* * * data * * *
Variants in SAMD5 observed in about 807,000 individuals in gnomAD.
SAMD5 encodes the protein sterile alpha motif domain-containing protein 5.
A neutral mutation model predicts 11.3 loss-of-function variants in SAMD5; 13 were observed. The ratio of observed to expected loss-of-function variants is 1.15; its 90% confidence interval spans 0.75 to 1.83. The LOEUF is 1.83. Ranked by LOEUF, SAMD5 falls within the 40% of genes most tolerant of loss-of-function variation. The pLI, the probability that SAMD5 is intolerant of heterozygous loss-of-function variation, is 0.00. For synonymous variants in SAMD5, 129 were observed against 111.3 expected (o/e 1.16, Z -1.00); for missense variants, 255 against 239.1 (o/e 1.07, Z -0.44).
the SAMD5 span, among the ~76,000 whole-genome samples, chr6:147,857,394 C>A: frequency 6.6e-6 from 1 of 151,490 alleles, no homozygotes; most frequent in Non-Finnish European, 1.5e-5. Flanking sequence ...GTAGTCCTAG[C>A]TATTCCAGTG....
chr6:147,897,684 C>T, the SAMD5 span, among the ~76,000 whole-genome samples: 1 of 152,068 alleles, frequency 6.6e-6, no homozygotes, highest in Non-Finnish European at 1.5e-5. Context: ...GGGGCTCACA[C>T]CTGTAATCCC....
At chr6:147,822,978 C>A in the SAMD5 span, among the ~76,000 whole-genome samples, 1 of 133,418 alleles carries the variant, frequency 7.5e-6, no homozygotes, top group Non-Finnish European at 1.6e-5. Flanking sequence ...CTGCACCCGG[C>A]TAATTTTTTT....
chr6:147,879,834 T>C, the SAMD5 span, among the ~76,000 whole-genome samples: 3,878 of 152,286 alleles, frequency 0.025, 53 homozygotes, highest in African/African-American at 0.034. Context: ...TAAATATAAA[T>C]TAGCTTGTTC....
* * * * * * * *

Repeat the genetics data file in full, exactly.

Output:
Variants in SAMD5 observed in about 807,000 individuals in gnomAD.
SAMD5 encodes the protein sterile alpha motif domain-containing protein 5.
A neutral mutation model predicts 11.3 loss-of-function variants in SAMD5; 13 were observed. The ratio of observed to expected loss-of-function variants is 1.15; its 90% confidence interval spans 0.75 to 1.83. The LOEUF is 1.83. Ranked by LOEUF, SAMD5 falls within the 40% of genes most tolerant of loss-of-function variation. The pLI, the probability that SAMD5 is intolerant of heterozygous loss-of-function variation, is 0.00. For synonymous variants in SAMD5, 129 were observed against 111.3 expected (o/e 1.16, Z -1.00); for missense variants, 255 against 239.1 (o/e 1.07, Z -0.44).
the SAMD5 span, among the ~76,000 whole-genome samples, chr6:147,857,394 C>A: frequency 6.6e-6 from 1 of 151,490 alleles, no homozygotes; most frequent in Non-Finnish European, 1.5e-5. Flanking sequence ...GTAGTCCTAG[C>A]TATTCCAGTG....
chr6:147,897,684 C>T, the SAMD5 span, among the ~76,000 whole-genome samples: 1 of 152,068 alleles, frequency 6.6e-6, no homozygotes, highest in Non-Finnish European at 1.5e-5. Context: ...GGGGCTCACA[C>T]CTGTAATCCC....
At chr6:147,822,978 C>A in the SAMD5 span, among the ~76,000 whole-genome samples, 1 of 133,418 alleles carries the variant, frequency 7.5e-6, no homozygotes, top group Non-Finnish European at 1.6e-5. Flanking sequence ...CTGCACCCGG[C>A]TAATTTTTTT....
chr6:147,879,834 T>C, the SAMD5 span, among the ~76,000 whole-genome samples: 3,878 of 152,286 alleles, frequency 0.025, 53 homozygotes, highest in African/African-American at 0.034. Context: ...TAAATATAAA[T>C]TAGCTTGTTC....